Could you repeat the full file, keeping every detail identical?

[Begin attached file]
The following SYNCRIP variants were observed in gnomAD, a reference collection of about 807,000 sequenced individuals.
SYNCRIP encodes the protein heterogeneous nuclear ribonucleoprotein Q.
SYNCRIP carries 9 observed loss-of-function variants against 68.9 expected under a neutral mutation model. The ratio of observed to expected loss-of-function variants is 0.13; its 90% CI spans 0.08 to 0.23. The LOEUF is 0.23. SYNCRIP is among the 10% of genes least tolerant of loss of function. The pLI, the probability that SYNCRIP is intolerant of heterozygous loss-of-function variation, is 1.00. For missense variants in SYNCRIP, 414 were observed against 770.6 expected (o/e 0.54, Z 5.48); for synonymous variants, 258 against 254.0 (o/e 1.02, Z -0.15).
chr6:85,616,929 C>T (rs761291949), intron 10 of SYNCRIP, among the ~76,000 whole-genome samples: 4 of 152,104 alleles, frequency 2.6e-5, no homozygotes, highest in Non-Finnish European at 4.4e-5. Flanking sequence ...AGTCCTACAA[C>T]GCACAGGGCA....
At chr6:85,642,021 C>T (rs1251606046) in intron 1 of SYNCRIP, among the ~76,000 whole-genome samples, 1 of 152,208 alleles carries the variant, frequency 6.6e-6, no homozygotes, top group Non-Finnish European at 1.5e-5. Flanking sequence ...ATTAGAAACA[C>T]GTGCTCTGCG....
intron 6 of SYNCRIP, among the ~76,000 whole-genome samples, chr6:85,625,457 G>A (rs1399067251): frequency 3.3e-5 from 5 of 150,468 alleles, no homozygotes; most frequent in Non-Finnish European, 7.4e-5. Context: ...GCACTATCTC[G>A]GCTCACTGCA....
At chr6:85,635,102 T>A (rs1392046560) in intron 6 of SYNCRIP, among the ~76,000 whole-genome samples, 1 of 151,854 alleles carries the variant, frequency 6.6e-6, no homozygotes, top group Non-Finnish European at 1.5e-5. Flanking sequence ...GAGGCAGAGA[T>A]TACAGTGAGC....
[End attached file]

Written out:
The following SYNCRIP variants were observed in gnomAD, a reference collection of about 807,000 sequenced individuals.
SYNCRIP encodes the protein heterogeneous nuclear ribonucleoprotein Q.
SYNCRIP carries 9 observed loss-of-function variants against 68.9 expected under a neutral mutation model. The ratio of observed to expected loss-of-function variants is 0.13; its 90% CI spans 0.08 to 0.23. The LOEUF is 0.23. SYNCRIP is among the 10% of genes least tolerant of loss of function. The pLI, the probability that SYNCRIP is intolerant of heterozygous loss-of-function variation, is 1.00. For missense variants in SYNCRIP, 414 were observed against 770.6 expected (o/e 0.54, Z 5.48); for synonymous variants, 258 against 254.0 (o/e 1.02, Z -0.15).
chr6:85,616,929 C>T (rs761291949), intron 10 of SYNCRIP, among the ~76,000 whole-genome samples: 4 of 152,104 alleles, frequency 2.6e-5, no homozygotes, highest in Non-Finnish European at 4.4e-5. Flanking sequence ...AGTCCTACAA[C>T]GCACAGGGCA....
At chr6:85,642,021 C>T (rs1251606046) in intron 1 of SYNCRIP, among the ~76,000 whole-genome samples, 1 of 152,208 alleles carries the variant, frequency 6.6e-6, no homozygotes, top group Non-Finnish European at 1.5e-5. Flanking sequence ...ATTAGAAACA[C>T]GTGCTCTGCG....
intron 6 of SYNCRIP, among the ~76,000 whole-genome samples, chr6:85,625,457 G>A (rs1399067251): frequency 3.3e-5 from 5 of 150,468 alleles, no homozygotes; most frequent in Non-Finnish European, 7.4e-5. Context: ...GCACTATCTC[G>A]GCTCACTGCA....
At chr6:85,635,102 T>A (rs1392046560) in intron 6 of SYNCRIP, among the ~76,000 whole-genome samples, 1 of 151,854 alleles carries the variant, frequency 6.6e-6, no homozygotes, top group Non-Finnish European at 1.5e-5. Flanking sequence ...GAGGCAGAGA[T>A]TACAGTGAGC....